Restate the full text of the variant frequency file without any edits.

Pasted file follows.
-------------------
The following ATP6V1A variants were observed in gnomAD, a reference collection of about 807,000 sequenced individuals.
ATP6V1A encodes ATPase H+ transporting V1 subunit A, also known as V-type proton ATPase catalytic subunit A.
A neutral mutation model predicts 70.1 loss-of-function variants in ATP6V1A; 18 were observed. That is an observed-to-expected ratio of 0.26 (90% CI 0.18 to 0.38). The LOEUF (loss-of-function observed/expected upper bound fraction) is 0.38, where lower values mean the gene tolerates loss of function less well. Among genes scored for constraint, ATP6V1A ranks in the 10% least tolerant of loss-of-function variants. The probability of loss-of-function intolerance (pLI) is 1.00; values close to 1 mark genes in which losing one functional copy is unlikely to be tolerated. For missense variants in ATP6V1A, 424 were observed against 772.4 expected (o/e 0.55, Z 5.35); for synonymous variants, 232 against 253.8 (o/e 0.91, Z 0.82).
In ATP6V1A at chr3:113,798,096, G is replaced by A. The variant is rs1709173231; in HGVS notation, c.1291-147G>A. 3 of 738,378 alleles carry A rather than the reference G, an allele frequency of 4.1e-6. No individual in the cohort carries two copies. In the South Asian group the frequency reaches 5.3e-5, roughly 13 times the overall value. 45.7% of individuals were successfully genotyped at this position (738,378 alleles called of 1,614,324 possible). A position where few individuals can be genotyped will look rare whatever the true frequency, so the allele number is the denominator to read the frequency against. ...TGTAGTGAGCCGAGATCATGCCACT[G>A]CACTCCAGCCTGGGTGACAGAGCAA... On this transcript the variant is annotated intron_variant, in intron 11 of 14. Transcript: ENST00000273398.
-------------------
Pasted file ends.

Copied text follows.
The following ATP6V1A variants were observed in gnomAD, a reference collection of about 807,000 sequenced individuals.
ATP6V1A encodes ATPase H+ transporting V1 subunit A, also known as V-type proton ATPase catalytic subunit A.
A neutral mutation model predicts 70.1 loss-of-function variants in ATP6V1A; 18 were observed. That is an observed-to-expected ratio of 0.26 (90% CI 0.18 to 0.38). The LOEUF (loss-of-function observed/expected upper bound fraction) is 0.38, where lower values mean the gene tolerates loss of function less well. Among genes scored for constraint, ATP6V1A ranks in the 10% least tolerant of loss-of-function variants. The probability of loss-of-function intolerance (pLI) is 1.00; values close to 1 mark genes in which losing one functional copy is unlikely to be tolerated. For missense variants in ATP6V1A, 424 were observed against 772.4 expected (o/e 0.55, Z 5.35); for synonymous variants, 232 against 253.8 (o/e 0.91, Z 0.82).
In ATP6V1A at chr3:113,798,096, G is replaced by A. The variant is rs1709173231; in HGVS notation, c.1291-147G>A. 3 of 738,378 alleles carry A rather than the reference G, an allele frequency of 4.1e-6. No individual in the cohort carries two copies. In the South Asian group the frequency reaches 5.3e-5, roughly 13 times the overall value. 45.7% of individuals were successfully genotyped at this position (738,378 alleles called of 1,614,324 possible). A position where few individuals can be genotyped will look rare whatever the true frequency, so the allele number is the denominator to read the frequency against. ...TGTAGTGAGCCGAGATCATGCCACT[G>A]CACTCCAGCCTGGGTGACAGAGCAA... On this transcript the variant is annotated intron_variant, in intron 11 of 14. Transcript: ENST00000273398.